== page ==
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Teliof - 2008 - "Is It?"

(45:08, 'Foilet')


TRACK LIST:                                 

1.  They Believe We Exist 3:43
2.  Die for Us 5:25
3.  It Is-1 3:22
4.  It Is-2 3:57
5.  It Is-3 2:17
6.  It Is-4 1:15
7.  It Is-5 2:58
8.  It Is-6 3:39
9.  It Is-7 6:30
10. Piece of Cake 4:05
11. Flirting with Hope 1:41
12. Five to Dusk 3:12
13. Candy Rehab 1:36
14. All of the Above 1:28


Lior Arinos  drums, percussion
Kristine Sykes  vocals; flute
Roei Remez  keyboards 
Yuval Aviguy  guitars 
Avsha Elan  guitars, bass
Tal Gilbert-Khun  double bass
Rooly Eliezerov  saxophone
Tali Rubenstein  recorders
Maayan Carmelie  violin 
Emily Bennet  violin 
Several more (additional) flautists, drummers & singers

Prolusion. TELIOF is an Israeli outfit, formed in Tel Aviv in 2006 by Lior Arinos, Avsha Elan and Yuval Aviguy. They immediately started writing and recording material for their debut album. A demo saw the light of day in 2007 and in 2008 a fully worked through and slightly expanded version of the demo was issued as the band's official debut album named "Is It?". In the meantime the band has expanded, with Roei Remez and Kristine Sykes joining to handle keyboards and vocals respectively.

Analysis. The stated vision of Teliof is to "create a musical palette of diverse, original pieces which are innovative, intriguing, instrumental, rich in melody and harmony, hard-driving, yet gentle and soothing, with any degrees in-between thrown in for good measure". A rather ambitious vision and one they haven't remained 100% faithful to either, as they include vocals on selected compositions and background vocals as a common feature throughout. But apart from that, their vision can be regarded as an apt description of what you'll find on their debut production. Here are many key features on this creation and more styles more or less briefly explored than it is possible to describe in a review. Those who enjoy creating new genre tags to describe even nuanced differences in sound and stylistic expressions would have a field day with this album and could easily have filled an entire review with such tags alone. Noting down everything happening in the individual compositions is a challenging task as well: adept writers mastering touch and shorthand with extensive musical knowledge might just be able to do that. In terms of musical styles visited on this production, various brands of art rock might arguably be said to be the foundation for the compositions, with frequent inclusions of elements and segments with distinctive traits from folk music, classical music and jazz. The songs are constantly evolving and changing affairs, where individual themes in most instances are briefly visited and explored before being left behind for new territories. Despite this, each track maintains an atmosphere of being one individual creation. From what I could hear, this is mostly done by extensive use of interwoven melodic fragments and short themes leading the songs from one territory to the next; where the sounds or rhythms taking the song onwards then are markedly changed or replaced by others, while those that appear at the start of the new landscape explored are ones taking the song to the next level, where they in turn are transformed or substituted by new sounds again. This leads to highly fluent compositions with many details, textures and nuances to keep track of, and songs you can listen to over and over again and always discover new details or grasp how different textures discovered previously actually fit together to form a whole. In expression, the album as a whole is highly melodic, with strong melodies dominating throughout. These aren't simple structures though, as careful use of disharmonies, dissonant and even cacophonic-like elements are utilized as effects throughout; in some instances we're even served parts with a multitude of harmonic as well as disharmonic layers, on the surface appearing as a richly textured melody, but on closer listening revealing itself to be a highly complicated creation. Amidst all this complexity the songs on this album are actually highly enjoyable affairs too. Not enjoyable as in despite being complex of course, but as in "this is a group of musicians who don't take themselves too seriously". They incorporate some fun effects at times, like in part 6 of the epic title piece, when at one point in time voices and sounds are mixed into the song in such a clever manner that I had to take my headphones off and start looking around in my apartment to see if anybody was there. There are a few effects of a similar manner spread throughout, which is great fun to come across. One more dimension to this production worth noting is that most of the songs, at least for me, come across as liberally spiced with religious melodic elements. The backing vocals and voices in particular, but often the overall atmosphere as well, are created in a manner that makes me think of religious music: a charming part of the album as far as I'm concerned, but those who for some reason regard religion in general and religious music in particular as something negative may find this element somewhat alienating.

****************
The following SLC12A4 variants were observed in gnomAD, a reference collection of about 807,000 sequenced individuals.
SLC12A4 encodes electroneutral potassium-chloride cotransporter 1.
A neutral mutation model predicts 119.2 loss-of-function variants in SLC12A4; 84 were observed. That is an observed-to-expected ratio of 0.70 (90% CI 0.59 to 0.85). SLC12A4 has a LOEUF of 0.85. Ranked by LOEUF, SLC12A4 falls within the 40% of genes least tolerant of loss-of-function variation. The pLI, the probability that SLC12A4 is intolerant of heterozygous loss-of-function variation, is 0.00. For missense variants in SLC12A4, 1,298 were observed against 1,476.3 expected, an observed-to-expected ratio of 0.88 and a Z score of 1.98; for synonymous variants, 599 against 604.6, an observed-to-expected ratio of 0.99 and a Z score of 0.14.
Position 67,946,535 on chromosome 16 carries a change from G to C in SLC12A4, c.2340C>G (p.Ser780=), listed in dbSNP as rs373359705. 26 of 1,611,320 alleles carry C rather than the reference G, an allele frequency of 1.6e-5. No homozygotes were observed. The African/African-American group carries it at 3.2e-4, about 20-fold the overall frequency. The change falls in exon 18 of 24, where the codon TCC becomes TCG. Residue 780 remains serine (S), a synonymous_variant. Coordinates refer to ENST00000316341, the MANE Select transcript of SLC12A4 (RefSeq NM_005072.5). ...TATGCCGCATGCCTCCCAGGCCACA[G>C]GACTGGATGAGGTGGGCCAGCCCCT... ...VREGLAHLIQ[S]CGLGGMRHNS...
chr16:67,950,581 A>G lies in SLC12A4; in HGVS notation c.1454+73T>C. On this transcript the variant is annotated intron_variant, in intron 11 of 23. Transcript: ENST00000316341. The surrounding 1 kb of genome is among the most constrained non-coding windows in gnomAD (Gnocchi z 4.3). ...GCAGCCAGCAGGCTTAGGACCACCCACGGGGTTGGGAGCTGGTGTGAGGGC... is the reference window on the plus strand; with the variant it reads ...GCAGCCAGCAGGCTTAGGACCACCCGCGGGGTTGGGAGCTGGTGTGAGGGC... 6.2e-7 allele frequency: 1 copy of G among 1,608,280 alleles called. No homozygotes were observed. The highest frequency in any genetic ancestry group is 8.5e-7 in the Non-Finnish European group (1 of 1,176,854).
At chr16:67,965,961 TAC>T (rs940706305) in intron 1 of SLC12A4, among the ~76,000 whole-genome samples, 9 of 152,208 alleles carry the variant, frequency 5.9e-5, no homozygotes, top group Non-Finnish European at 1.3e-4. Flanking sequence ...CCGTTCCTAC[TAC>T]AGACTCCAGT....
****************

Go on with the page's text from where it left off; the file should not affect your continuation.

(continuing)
Conclusion. Teliof's debut album "Is It?" is a wonderfully adventurous affair, perhaps even to the point of being described as unique and certainly highly deserving of the characterization of progressive. Highly recommended to those looking for innovative, creative music offering plenty of complexities and details to discover and enjoy and in particular to those who prefer that music of this kind can belong to the progressive rock genre.

OMB=Olav M Bjornsen: March 15, 2009
The Rating Room

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